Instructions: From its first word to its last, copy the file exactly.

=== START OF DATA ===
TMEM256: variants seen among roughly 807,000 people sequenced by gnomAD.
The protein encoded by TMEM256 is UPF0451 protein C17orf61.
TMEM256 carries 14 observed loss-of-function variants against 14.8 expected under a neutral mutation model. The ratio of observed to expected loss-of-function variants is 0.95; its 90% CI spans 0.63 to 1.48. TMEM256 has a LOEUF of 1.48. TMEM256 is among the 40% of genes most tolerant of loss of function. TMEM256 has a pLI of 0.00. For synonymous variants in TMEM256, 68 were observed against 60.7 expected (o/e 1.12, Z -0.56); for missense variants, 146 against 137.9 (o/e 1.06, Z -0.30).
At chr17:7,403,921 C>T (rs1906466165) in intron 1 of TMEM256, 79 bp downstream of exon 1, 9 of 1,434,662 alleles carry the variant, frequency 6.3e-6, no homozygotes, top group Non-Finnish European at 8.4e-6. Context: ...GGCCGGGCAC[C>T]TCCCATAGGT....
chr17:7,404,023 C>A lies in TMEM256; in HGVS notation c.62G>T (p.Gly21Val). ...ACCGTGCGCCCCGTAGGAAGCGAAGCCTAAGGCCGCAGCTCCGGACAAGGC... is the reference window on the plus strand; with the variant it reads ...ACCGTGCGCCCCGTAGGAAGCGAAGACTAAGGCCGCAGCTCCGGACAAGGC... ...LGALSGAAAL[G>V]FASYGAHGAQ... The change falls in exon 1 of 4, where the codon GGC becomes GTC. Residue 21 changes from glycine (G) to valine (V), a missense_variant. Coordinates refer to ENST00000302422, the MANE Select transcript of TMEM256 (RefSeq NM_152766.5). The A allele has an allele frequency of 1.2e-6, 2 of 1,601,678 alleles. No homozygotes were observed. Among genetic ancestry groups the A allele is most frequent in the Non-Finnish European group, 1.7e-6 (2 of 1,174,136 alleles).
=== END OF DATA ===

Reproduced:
TMEM256: variants seen among roughly 807,000 people sequenced by gnomAD.
The protein encoded by TMEM256 is UPF0451 protein C17orf61.
TMEM256 carries 14 observed loss-of-function variants against 14.8 expected under a neutral mutation model. The ratio of observed to expected loss-of-function variants is 0.95; its 90% CI spans 0.63 to 1.48. TMEM256 has a LOEUF of 1.48. TMEM256 is among the 40% of genes most tolerant of loss of function. TMEM256 has a pLI of 0.00. For synonymous variants in TMEM256, 68 were observed against 60.7 expected (o/e 1.12, Z -0.56); for missense variants, 146 against 137.9 (o/e 1.06, Z -0.30).
At chr17:7,403,921 C>T (rs1906466165) in intron 1 of TMEM256, 79 bp downstream of exon 1, 9 of 1,434,662 alleles carry the variant, frequency 6.3e-6, no homozygotes, top group Non-Finnish European at 8.4e-6. Context: ...GGCCGGGCAC[C>T]TCCCATAGGT....
chr17:7,404,023 C>A lies in TMEM256; in HGVS notation c.62G>T (p.Gly21Val). ...ACCGTGCGCCCCGTAGGAAGCGAAGCCTAAGGCCGCAGCTCCGGACAAGGC... is the reference window on the plus strand; with the variant it reads ...ACCGTGCGCCCCGTAGGAAGCGAAGACTAAGGCCGCAGCTCCGGACAAGGC... ...LGALSGAAAL[G>V]FASYGAHGAQ... The change falls in exon 1 of 4, where the codon GGC becomes GTC. Residue 21 changes from glycine (G) to valine (V), a missense_variant. Coordinates refer to ENST00000302422, the MANE Select transcript of TMEM256 (RefSeq NM_152766.5). The A allele has an allele frequency of 1.2e-6, 2 of 1,601,678 alleles. No homozygotes were observed. Among genetic ancestry groups the A allele is most frequent in the Non-Finnish European group, 1.7e-6 (2 of 1,174,136 alleles).